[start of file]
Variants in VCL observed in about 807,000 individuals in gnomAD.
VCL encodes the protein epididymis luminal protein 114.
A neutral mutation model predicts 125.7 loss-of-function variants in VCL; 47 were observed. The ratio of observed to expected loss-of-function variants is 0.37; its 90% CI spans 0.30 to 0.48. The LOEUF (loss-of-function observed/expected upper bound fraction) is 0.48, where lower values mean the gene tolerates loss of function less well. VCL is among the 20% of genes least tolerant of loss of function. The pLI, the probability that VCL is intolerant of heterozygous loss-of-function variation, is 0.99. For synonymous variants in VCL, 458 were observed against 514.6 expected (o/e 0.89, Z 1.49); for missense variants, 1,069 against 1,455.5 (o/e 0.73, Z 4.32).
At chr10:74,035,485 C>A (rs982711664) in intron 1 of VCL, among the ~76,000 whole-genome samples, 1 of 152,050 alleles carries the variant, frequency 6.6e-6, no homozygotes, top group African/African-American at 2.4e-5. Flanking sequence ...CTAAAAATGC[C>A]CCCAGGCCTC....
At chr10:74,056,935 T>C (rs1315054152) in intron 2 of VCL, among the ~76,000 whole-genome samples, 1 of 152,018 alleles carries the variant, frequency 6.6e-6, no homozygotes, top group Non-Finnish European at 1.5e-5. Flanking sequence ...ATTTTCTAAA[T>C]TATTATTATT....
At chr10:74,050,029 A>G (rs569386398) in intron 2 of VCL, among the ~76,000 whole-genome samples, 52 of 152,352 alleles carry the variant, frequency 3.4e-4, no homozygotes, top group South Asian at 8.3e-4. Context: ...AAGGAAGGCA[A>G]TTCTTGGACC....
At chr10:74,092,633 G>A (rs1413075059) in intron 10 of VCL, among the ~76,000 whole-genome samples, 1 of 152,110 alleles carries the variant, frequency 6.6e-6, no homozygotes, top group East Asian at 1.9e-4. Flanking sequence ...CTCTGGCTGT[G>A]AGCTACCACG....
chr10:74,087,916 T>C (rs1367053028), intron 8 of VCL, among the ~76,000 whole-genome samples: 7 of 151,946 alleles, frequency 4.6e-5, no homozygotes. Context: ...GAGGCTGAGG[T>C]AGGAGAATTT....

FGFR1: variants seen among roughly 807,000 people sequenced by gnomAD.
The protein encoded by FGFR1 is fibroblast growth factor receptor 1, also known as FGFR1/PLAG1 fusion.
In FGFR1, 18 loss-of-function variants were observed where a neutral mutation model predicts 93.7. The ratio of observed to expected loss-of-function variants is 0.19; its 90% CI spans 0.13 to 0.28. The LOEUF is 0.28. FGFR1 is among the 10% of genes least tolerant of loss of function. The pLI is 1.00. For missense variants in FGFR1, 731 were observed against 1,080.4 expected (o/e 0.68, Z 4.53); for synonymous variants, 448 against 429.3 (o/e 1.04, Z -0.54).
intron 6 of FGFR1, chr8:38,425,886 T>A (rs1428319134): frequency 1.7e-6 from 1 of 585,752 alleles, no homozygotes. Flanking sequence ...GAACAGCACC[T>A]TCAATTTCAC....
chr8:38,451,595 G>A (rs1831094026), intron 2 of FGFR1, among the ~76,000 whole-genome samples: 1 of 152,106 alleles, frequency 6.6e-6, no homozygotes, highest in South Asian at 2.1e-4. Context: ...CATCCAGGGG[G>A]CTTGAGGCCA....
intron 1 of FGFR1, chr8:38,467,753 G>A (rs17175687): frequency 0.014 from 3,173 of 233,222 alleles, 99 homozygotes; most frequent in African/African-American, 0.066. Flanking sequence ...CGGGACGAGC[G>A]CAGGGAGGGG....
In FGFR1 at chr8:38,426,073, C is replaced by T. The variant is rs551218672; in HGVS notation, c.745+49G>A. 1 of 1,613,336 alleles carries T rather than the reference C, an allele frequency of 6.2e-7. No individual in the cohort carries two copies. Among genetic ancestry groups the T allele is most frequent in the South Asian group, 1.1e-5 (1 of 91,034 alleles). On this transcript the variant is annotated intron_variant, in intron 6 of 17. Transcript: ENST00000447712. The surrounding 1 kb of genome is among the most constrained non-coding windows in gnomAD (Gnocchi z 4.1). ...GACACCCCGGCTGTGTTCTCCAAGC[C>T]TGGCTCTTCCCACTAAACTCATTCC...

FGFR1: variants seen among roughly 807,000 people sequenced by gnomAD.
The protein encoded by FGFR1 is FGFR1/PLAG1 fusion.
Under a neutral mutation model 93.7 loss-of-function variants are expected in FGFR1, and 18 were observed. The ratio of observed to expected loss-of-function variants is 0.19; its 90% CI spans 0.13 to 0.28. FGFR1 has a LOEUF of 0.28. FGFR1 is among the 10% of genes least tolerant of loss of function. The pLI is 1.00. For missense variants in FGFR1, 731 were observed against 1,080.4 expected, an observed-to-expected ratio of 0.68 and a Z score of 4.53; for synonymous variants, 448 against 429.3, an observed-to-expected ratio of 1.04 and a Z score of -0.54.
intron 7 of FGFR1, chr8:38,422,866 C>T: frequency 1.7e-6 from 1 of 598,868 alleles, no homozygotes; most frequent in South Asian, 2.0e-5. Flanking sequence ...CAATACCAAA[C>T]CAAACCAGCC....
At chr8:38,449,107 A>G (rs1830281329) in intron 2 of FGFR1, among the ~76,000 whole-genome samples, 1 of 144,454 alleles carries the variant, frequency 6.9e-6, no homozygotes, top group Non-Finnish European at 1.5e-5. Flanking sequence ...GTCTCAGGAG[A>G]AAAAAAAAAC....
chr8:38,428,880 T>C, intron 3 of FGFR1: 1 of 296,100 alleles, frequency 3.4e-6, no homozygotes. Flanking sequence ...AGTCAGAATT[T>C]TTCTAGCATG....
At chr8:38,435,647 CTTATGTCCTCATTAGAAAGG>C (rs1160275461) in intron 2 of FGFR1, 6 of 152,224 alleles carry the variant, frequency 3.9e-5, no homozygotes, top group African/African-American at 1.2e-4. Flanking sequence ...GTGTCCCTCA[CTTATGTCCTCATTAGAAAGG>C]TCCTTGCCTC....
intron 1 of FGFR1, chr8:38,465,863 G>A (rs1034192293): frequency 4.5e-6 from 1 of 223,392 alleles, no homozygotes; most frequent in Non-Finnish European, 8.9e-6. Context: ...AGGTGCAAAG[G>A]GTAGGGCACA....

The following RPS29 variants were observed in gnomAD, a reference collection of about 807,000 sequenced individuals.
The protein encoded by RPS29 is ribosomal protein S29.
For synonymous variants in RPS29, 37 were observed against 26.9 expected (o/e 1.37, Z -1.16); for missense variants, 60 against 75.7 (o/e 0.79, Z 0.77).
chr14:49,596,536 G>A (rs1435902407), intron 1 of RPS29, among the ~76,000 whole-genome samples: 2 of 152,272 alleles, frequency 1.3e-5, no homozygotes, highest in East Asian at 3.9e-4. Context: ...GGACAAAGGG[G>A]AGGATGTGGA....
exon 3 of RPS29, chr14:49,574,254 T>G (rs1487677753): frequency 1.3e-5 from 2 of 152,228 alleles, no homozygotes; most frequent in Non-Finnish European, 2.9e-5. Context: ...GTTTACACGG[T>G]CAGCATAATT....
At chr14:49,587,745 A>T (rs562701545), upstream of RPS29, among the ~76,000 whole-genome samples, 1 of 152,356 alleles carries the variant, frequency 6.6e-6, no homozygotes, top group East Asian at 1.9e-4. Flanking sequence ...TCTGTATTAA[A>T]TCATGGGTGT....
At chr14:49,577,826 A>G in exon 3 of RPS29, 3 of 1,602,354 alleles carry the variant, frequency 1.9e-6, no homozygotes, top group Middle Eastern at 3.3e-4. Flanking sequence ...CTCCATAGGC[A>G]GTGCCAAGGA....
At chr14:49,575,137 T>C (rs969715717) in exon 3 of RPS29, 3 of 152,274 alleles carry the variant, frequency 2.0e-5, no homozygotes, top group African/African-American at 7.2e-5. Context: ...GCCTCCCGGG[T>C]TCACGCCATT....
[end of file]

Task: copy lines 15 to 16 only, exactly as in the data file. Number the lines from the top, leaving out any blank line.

In FGFR1 at chr8:38,426,073, C is replaced by T. The variant is rs551218672; in HGVS notation, c.745+49G>A. 1 of 1,613,336 alleles carries T rather than the reference C, an allele frequency of 6.2e-7. No individual in the cohort carries two copies. Among genetic ancestry groups the T allele is most frequent in the South Asian group, 1.1e-5 (1 of 91,034 alleles). On this transcript the variant is annotated intron_variant, in intron 6 of 17. Transcript: ENST00000447712. The surrounding 1 kb of genome is among the most constrained non-coding windows in gnomAD (Gnocchi z 4.1). ...GACACCCCGGCTGTGTTCTCCAAGC[C>T]TGGCTCTTCCCACTAAACTCATTCC...

FGFR1: variants seen among roughly 807,000 people sequenced by gnomAD.